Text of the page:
An application - though a strange one - in the same direction could be "movies"; Movies tend to show sub low, but what we will not be used to much is that this sub low actually is inaudible. So really, any 19Hz can not be heard. Still we are used to hearing it because our beautiful subwoofers distort so heavily that it just will be audible as distortion, never mind we don't notice that per se, and it is about the effect. And so, for example, the roll off could be made at 17Hz instead of the 19Hz as you see in the plot above and the movie putting out that 17Hz while say the level played is still 88dBSPL will now nicely "shake" the room. All what happens is that now maybe 1cm (peak peak) excursion occurs and while nothing will break yet, your 17Hz will be there (in distorted fashion and just like you are used to).
But of course we don't like this to happen with our music; there any 17Hz if present should pass by without even knowing that it's there (meaning : cut off at 19Hz when you play at 88dBSPL).
Another application is again in the XOver area, but now its "technical DSP". What I mean is that the offered various types of filters imply different (also cascaded) processing in the DSP (btw Digital Sound Processor). Now I don't like to turn it into XXHighEnd facilities, but in the end it is a kind of so;
We can well say that a more lean filter (less filtering means applied) sounds better. Also, the one type of filter just *is* more lean than the other, but obviously has a different target. Still it could do the job we hunt for, like "create that slope needed". And so as we say, more routes lead to Rome.
Lastly on this, people who obtain the Orelino will see that all said above sort of multiplies because the Orelino's specs on the low end are obviously somewhat less than the Orelo MKII. For example, I use the Orelino with a slow roll off from 25Hz so it turns up at -9dB at 18Hz with a reference level of 86dBSPL. In practice this means that there's now all kind of variations possible from letting it steeply roll of at 25Hz so a way higher SPL is allowed, via a slow roll of from 25Hz to e.g. 23Hz and let it steeply roll off from there and still allow for way higher SPL - through ... etc. etc. etc.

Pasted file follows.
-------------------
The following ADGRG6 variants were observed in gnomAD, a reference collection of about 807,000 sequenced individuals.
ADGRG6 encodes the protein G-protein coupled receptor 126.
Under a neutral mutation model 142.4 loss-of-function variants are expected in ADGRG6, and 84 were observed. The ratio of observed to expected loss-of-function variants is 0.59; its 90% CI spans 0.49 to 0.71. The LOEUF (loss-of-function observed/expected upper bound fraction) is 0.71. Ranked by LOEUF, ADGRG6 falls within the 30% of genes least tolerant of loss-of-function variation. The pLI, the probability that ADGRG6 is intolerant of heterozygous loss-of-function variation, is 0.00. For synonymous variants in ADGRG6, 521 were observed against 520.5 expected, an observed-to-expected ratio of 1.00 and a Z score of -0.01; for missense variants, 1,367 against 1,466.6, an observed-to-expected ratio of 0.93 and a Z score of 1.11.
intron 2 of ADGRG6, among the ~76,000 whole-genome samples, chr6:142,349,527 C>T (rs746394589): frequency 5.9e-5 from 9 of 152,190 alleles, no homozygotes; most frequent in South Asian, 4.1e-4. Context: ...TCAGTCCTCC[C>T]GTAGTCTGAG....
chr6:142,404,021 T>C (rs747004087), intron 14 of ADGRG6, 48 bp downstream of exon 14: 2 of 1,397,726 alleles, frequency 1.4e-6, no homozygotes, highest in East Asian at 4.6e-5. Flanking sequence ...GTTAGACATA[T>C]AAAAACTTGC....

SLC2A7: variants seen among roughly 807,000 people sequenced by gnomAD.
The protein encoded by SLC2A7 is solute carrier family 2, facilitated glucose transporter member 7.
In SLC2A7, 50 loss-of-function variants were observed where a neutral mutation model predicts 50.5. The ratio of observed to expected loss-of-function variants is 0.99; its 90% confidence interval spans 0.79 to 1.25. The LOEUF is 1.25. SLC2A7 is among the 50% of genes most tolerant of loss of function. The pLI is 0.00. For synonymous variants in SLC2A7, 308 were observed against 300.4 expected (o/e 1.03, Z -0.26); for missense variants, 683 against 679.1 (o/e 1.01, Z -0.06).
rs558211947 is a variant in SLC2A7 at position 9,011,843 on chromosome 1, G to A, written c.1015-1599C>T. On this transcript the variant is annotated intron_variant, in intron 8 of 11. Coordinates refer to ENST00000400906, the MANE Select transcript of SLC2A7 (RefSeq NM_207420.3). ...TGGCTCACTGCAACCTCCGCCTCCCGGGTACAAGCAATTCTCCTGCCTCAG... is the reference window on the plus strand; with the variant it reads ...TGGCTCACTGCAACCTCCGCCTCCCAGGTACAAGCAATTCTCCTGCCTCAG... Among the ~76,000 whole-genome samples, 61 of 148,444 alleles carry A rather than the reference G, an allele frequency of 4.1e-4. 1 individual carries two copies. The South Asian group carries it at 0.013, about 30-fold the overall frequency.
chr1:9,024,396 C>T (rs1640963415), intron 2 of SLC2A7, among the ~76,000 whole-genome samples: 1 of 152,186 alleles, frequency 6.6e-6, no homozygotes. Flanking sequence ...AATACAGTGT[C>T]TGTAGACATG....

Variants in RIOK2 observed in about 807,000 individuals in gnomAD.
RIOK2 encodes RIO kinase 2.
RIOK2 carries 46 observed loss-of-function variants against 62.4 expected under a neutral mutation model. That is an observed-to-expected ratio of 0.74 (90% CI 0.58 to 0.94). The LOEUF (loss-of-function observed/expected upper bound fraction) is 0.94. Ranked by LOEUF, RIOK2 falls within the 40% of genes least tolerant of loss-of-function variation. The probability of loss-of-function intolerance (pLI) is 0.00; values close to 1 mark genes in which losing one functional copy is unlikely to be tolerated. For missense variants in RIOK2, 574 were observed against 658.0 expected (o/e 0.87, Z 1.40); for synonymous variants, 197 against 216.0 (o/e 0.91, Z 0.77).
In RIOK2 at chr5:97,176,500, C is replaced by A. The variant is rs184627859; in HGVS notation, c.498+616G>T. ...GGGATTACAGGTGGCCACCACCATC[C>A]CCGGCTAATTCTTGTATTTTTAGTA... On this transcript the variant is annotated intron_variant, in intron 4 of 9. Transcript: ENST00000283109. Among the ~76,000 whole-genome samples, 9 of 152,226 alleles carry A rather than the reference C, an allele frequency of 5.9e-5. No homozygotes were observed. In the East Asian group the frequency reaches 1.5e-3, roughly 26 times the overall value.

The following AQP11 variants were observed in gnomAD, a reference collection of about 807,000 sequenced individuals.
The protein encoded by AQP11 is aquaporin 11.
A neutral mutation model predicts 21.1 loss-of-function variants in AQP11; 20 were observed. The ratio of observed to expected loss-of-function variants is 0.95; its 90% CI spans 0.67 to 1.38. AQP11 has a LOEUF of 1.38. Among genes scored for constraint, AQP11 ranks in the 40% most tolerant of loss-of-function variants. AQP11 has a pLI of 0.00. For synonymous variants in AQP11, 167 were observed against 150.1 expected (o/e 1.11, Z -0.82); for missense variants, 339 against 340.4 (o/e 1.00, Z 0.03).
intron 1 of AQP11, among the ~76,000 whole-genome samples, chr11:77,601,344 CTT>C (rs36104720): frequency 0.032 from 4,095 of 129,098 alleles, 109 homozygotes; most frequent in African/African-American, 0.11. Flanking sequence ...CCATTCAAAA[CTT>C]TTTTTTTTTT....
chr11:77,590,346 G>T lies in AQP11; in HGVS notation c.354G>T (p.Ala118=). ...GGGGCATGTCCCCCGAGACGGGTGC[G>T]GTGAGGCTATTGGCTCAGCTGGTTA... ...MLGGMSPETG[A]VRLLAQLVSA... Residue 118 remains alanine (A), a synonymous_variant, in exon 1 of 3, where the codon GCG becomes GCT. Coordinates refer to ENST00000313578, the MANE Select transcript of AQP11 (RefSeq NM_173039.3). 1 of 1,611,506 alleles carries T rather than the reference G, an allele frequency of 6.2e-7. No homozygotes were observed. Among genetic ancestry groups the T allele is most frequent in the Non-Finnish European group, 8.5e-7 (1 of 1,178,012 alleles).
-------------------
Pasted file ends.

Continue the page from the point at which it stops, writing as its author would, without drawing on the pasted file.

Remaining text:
Of course, once you like to go working on your DSP filters you will need some ADC means, some (free) software and a measurement microphone; Once you have that (if at all) you will see that it needs quite some experience to get all where you want. But this too is what this forum board is for and I am there to help.
In the end, no worries; I too will be experimenting further and while I already have a few options ready for you, more are bound to come from my side already;
All together I'm sure that an already great speaker will be even more great just because of these software upgrades and because again your ear count will be more than mine alone. So what also is allowed
is that you just ask for something like "hey, I want more bass". Well, since I can do that fairly easy I can make you such a config and upload it to here and you can try it out. But meanwhile I will tell what I did, how it looks (plot of the DSP response) and you will learn leasily how to do such a thing yourself in a responsible way.
I will add the first base configuration(s) when the first speakers arrive at customers and this will be soon.